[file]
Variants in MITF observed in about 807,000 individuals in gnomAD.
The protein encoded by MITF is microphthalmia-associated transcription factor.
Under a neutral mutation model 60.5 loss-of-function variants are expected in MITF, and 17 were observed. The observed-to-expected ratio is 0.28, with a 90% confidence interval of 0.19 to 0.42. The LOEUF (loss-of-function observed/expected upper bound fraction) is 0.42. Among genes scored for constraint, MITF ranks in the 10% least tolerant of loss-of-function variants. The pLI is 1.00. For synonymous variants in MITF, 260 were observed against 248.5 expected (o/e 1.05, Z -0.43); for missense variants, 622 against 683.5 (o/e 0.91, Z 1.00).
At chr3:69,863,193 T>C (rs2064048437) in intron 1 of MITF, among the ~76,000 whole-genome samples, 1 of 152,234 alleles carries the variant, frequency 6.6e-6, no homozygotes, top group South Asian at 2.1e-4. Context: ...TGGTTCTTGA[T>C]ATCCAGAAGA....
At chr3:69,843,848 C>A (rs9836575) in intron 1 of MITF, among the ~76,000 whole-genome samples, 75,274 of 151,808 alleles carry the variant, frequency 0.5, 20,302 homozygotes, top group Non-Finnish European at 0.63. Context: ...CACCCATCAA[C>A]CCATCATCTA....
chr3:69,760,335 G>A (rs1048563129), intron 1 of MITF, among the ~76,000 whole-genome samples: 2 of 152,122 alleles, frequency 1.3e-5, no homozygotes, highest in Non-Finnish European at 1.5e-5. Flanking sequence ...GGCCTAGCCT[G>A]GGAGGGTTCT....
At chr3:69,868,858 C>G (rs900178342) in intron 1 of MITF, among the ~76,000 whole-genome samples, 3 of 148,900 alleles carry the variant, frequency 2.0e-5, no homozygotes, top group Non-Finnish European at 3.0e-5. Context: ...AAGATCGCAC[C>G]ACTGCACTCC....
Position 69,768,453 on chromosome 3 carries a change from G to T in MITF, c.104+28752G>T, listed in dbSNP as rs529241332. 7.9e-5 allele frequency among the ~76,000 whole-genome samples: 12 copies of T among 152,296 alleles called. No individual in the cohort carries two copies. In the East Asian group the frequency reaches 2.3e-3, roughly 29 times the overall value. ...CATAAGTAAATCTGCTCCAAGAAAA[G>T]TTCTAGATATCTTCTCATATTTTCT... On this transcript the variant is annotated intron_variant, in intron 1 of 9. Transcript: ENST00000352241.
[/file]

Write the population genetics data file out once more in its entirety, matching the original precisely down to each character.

Variants in MITF observed in about 807,000 individuals in gnomAD.
The protein encoded by MITF is microphthalmia-associated transcription factor.
Under a neutral mutation model 60.5 loss-of-function variants are expected in MITF, and 17 were observed. The observed-to-expected ratio is 0.28, with a 90% confidence interval of 0.19 to 0.42. The LOEUF (loss-of-function observed/expected upper bound fraction) is 0.42. Among genes scored for constraint, MITF ranks in the 10% least tolerant of loss-of-function variants. The pLI is 1.00. For synonymous variants in MITF, 260 were observed against 248.5 expected (o/e 1.05, Z -0.43); for missense variants, 622 against 683.5 (o/e 0.91, Z 1.00).
At chr3:69,863,193 T>C (rs2064048437) in intron 1 of MITF, among the ~76,000 whole-genome samples, 1 of 152,234 alleles carries the variant, frequency 6.6e-6, no homozygotes, top group South Asian at 2.1e-4. Context: ...TGGTTCTTGA[T>C]ATCCAGAAGA....
At chr3:69,843,848 C>A (rs9836575) in intron 1 of MITF, among the ~76,000 whole-genome samples, 75,274 of 151,808 alleles carry the variant, frequency 0.5, 20,302 homozygotes, top group Non-Finnish European at 0.63. Context: ...CACCCATCAA[C>A]CCATCATCTA....
chr3:69,760,335 G>A (rs1048563129), intron 1 of MITF, among the ~76,000 whole-genome samples: 2 of 152,122 alleles, frequency 1.3e-5, no homozygotes, highest in Non-Finnish European at 1.5e-5. Flanking sequence ...GGCCTAGCCT[G>A]GGAGGGTTCT....
At chr3:69,868,858 C>G (rs900178342) in intron 1 of MITF, among the ~76,000 whole-genome samples, 3 of 148,900 alleles carry the variant, frequency 2.0e-5, no homozygotes, top group Non-Finnish European at 3.0e-5. Context: ...AAGATCGCAC[C>G]ACTGCACTCC....
Position 69,768,453 on chromosome 3 carries a change from G to T in MITF, c.104+28752G>T, listed in dbSNP as rs529241332. 7.9e-5 allele frequency among the ~76,000 whole-genome samples: 12 copies of T among 152,296 alleles called. No individual in the cohort carries two copies. In the East Asian group the frequency reaches 2.3e-3, roughly 29 times the overall value. ...CATAAGTAAATCTGCTCCAAGAAAA[G>T]TTCTAGATATCTTCTCATATTTTCT... On this transcript the variant is annotated intron_variant, in intron 1 of 9. Transcript: ENST00000352241.